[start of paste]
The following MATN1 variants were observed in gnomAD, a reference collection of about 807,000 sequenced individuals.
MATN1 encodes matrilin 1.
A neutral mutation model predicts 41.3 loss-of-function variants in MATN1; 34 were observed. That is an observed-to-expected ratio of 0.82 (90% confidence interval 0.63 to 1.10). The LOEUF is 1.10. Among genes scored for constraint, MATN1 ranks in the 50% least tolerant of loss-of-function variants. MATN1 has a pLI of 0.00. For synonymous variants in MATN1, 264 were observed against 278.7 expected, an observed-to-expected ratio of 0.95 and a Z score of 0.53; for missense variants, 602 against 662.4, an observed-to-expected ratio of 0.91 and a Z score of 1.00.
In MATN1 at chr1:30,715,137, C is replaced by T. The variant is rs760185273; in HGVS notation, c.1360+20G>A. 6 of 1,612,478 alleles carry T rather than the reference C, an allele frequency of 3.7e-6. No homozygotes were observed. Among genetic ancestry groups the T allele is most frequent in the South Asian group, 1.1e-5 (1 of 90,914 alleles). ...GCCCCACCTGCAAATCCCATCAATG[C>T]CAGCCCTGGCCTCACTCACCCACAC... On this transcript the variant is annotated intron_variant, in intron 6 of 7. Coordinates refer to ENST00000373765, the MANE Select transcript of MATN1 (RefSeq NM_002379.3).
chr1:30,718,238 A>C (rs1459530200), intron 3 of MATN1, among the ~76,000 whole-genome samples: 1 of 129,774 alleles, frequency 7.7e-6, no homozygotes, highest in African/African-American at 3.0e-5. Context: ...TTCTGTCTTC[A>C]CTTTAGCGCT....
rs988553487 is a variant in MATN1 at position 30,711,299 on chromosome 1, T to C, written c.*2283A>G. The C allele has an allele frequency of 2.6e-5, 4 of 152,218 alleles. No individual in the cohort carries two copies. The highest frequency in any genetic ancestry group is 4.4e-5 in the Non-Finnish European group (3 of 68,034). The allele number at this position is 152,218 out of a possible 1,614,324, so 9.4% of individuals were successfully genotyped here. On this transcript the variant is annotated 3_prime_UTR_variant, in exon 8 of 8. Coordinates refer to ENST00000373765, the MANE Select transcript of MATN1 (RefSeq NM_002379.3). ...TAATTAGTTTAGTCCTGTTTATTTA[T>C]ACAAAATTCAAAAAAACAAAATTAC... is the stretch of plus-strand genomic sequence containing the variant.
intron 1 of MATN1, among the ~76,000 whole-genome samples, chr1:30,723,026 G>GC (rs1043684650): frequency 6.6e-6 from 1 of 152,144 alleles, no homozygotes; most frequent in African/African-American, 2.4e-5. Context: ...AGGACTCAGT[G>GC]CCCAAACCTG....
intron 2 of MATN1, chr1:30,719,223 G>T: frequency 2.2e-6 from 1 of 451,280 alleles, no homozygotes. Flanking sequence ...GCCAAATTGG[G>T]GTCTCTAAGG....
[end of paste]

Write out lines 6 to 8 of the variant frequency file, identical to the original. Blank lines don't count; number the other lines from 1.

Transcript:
rs988553487 is a variant in MATN1 at position 30,711,299 on chromosome 1, T to C, written c.*2283A>G. The C allele has an allele frequency of 2.6e-5, 4 of 152,218 alleles. No individual in the cohort carries two copies. The highest frequency in any genetic ancestry group is 4.4e-5 in the Non-Finnish European group (3 of 68,034). The allele number at this position is 152,218 out of a possible 1,614,324, so 9.4% of individuals were successfully genotyped here. On this transcript the variant is annotated 3_prime_UTR_variant, in exon 8 of 8. Coordinates refer to ENST00000373765, the MANE Select transcript of MATN1 (RefSeq NM_002379.3). ...TAATTAGTTTAGTCCTGTTTATTTA[T>C]ACAAAATTCAAAAAAACAAAATTAC... is the stretch of plus-strand genomic sequence containing the variant.
intron 1 of MATN1, among the ~76,000 whole-genome samples, chr1:30,723,026 G>GC (rs1043684650): frequency 6.6e-6 from 1 of 152,144 alleles, no homozygotes; most frequent in African/African-American, 2.4e-5. Context: ...AGGACTCAGT[G>GC]CCCAAACCTG....
intron 2 of MATN1, chr1:30,719,223 G>T: frequency 2.2e-6 from 1 of 451,280 alleles, no homozygotes. Flanking sequence ...GCCAAATTGG[G>T]GTCTCTAAGG....